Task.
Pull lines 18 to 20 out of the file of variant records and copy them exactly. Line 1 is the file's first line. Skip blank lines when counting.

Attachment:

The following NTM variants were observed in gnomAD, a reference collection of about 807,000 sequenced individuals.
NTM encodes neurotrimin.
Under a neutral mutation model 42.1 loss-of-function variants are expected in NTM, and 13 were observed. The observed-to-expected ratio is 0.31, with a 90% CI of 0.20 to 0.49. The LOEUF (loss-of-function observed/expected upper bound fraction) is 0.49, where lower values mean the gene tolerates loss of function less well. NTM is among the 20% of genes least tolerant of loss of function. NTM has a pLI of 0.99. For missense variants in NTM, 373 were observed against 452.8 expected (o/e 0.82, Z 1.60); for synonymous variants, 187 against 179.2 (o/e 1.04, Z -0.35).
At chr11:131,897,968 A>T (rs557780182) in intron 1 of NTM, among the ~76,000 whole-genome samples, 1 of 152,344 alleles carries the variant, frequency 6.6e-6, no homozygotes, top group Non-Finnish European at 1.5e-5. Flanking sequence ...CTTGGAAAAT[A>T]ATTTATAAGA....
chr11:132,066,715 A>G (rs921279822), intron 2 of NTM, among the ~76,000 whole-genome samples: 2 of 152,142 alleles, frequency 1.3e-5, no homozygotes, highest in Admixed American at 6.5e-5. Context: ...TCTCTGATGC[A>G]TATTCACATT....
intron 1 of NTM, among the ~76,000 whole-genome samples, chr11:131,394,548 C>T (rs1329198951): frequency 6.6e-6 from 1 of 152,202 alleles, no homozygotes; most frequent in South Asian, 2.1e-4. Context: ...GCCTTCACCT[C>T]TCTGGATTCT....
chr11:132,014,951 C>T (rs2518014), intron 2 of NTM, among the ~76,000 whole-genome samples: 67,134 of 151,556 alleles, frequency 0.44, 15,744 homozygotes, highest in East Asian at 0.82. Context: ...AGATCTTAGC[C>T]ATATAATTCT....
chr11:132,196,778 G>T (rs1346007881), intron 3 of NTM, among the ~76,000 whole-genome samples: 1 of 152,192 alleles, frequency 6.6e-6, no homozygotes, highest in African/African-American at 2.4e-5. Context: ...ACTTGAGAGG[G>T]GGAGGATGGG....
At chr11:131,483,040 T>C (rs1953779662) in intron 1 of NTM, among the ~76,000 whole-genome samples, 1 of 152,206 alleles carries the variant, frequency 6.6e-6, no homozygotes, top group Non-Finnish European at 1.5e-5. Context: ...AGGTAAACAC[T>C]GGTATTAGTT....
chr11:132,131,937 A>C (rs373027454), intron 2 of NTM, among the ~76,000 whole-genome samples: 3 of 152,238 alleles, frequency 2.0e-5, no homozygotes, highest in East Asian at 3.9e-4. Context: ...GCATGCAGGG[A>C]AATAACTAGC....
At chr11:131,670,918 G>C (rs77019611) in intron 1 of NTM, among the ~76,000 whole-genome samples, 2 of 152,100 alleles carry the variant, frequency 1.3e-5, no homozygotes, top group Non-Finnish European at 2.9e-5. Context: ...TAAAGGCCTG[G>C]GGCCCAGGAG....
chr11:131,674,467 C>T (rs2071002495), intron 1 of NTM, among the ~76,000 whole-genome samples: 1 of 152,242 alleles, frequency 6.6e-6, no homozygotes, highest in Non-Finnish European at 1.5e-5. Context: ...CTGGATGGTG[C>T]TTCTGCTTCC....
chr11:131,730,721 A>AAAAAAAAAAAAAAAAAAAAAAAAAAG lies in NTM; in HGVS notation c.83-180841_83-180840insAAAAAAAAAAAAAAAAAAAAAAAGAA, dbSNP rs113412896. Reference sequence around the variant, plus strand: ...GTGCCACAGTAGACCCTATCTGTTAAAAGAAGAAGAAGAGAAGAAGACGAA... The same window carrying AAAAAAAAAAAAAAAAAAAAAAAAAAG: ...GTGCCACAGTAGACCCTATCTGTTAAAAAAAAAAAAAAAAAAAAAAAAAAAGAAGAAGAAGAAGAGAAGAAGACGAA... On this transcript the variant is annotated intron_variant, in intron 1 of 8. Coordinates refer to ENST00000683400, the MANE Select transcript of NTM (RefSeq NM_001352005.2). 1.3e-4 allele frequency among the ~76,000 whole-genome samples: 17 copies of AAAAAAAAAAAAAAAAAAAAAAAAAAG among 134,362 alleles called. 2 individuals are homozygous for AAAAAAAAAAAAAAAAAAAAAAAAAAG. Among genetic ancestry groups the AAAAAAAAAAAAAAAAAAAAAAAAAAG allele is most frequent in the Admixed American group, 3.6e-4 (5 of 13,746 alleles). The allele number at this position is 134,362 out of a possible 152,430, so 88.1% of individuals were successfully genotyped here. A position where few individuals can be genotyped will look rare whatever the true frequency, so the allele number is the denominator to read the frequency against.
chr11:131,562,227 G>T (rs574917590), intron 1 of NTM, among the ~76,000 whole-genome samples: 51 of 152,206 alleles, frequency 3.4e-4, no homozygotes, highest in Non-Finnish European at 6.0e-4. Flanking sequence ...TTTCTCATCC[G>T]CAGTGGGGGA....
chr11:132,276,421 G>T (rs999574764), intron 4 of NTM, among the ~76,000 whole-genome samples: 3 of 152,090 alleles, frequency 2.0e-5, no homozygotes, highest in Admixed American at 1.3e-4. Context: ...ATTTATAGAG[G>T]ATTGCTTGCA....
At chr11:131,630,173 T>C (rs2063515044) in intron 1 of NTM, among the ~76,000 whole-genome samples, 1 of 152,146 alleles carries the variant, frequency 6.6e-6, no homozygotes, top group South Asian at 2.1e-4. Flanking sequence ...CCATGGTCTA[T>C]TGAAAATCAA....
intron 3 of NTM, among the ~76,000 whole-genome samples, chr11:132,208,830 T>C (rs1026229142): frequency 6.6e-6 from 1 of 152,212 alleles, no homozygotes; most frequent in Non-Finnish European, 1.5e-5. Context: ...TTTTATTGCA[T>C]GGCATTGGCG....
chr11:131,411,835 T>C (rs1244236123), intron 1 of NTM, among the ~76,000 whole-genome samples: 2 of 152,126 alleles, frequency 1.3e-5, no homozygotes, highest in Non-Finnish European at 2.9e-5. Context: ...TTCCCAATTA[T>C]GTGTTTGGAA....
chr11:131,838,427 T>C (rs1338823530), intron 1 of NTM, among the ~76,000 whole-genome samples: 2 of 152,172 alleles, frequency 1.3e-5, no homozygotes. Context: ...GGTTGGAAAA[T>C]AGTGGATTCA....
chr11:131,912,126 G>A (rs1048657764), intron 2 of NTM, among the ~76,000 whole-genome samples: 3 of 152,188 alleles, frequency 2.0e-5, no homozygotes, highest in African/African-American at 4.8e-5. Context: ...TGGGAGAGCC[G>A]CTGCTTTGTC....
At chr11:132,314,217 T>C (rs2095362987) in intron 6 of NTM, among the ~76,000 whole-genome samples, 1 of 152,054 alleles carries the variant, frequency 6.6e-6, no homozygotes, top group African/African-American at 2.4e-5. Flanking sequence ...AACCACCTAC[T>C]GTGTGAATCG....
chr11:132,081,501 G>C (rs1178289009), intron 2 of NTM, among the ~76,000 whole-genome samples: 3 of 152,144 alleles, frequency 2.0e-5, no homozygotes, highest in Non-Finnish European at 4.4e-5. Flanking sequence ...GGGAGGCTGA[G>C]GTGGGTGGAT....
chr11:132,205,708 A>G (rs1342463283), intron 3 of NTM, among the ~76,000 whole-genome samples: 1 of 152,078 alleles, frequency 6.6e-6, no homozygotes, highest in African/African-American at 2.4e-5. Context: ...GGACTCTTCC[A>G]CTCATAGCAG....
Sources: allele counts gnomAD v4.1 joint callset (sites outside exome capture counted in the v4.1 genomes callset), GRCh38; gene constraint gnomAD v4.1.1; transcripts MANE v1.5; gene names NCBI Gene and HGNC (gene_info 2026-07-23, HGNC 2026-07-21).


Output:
chr11:131,411,835 T>C (rs1244236123), intron 1 of NTM, among the ~76,000 whole-genome samples: 2 of 152,126 alleles, frequency 1.3e-5, no homozygotes, highest in Non-Finnish European at 2.9e-5. Context: ...TTCCCAATTA[T>C]GTGTTTGGAA....
chr11:131,838,427 T>C (rs1338823530), intron 1 of NTM, among the ~76,000 whole-genome samples: 2 of 152,172 alleles, frequency 1.3e-5, no homozygotes. Context: ...GGTTGGAAAA[T>C]AGTGGATTCA....
chr11:131,912,126 G>A (rs1048657764), intron 2 of NTM, among the ~76,000 whole-genome samples: 3 of 152,188 alleles, frequency 2.0e-5, no homozygotes, highest in African/African-American at 4.8e-5. Context: ...TGGGAGAGCC[G>A]CTGCTTTGTC....